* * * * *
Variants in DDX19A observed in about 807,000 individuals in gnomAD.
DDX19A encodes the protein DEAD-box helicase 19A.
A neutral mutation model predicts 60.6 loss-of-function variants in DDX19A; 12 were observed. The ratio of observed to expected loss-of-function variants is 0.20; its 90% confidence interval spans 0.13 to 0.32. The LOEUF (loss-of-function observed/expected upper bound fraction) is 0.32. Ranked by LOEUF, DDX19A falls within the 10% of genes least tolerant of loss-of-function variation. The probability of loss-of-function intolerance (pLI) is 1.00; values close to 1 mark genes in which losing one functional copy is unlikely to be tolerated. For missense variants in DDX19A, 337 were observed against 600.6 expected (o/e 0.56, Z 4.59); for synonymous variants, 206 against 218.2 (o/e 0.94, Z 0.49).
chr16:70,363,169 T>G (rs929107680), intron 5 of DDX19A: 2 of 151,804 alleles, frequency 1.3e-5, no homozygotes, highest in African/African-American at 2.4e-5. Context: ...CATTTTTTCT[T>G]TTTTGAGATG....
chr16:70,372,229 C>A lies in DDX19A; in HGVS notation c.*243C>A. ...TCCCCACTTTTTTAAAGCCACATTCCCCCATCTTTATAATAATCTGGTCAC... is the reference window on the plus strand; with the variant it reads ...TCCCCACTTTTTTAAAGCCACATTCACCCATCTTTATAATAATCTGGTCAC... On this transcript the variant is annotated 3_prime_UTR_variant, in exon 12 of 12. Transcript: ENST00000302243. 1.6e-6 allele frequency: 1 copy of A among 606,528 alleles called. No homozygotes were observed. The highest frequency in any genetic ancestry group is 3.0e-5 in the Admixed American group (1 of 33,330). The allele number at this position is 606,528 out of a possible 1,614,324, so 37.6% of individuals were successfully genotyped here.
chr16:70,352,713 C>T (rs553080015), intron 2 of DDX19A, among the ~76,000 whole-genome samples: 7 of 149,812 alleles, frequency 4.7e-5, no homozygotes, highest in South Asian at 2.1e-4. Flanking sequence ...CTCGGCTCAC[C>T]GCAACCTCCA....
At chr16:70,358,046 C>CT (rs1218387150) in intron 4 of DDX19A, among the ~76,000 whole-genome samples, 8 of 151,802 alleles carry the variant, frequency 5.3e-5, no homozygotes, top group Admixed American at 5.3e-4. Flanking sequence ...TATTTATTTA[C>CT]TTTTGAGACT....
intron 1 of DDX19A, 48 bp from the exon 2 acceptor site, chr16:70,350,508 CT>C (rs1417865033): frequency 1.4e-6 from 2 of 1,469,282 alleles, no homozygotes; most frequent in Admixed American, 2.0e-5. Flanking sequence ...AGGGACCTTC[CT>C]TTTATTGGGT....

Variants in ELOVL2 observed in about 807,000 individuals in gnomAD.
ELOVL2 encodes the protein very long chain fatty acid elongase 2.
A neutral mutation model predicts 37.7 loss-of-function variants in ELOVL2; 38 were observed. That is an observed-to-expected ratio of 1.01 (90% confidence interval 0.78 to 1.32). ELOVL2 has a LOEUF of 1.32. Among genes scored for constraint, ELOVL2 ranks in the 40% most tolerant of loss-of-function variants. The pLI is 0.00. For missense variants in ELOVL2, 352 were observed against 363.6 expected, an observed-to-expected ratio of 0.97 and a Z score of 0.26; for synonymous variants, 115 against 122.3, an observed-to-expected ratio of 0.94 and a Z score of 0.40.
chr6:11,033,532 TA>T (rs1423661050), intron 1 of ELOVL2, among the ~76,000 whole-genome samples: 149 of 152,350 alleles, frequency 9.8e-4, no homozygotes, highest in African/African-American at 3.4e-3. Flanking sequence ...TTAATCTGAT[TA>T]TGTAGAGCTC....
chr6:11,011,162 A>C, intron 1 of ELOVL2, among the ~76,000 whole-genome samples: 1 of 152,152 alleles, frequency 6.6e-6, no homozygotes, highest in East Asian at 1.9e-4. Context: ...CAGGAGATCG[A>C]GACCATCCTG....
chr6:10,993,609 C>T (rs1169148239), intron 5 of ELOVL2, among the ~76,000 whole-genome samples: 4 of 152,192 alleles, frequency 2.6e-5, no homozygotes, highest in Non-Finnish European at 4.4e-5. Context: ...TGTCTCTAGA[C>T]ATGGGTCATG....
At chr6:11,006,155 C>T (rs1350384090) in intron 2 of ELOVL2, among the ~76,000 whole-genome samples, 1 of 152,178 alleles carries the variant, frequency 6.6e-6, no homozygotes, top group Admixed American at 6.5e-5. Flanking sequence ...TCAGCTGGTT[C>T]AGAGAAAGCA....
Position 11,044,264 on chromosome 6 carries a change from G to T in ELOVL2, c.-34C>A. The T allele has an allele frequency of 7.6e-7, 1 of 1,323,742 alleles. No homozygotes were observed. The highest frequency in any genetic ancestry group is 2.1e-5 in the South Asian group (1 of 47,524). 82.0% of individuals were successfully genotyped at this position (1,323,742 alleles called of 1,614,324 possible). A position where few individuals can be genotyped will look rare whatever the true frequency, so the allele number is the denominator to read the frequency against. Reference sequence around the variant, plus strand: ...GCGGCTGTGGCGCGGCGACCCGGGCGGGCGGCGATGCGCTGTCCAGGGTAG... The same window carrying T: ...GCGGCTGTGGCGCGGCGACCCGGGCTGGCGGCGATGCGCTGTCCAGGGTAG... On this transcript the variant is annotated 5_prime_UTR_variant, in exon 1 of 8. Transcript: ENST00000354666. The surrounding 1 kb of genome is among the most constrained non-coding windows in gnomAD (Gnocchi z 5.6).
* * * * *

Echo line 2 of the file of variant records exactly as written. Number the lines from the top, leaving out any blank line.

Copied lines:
DDX19A encodes the protein DEAD-box helicase 19A.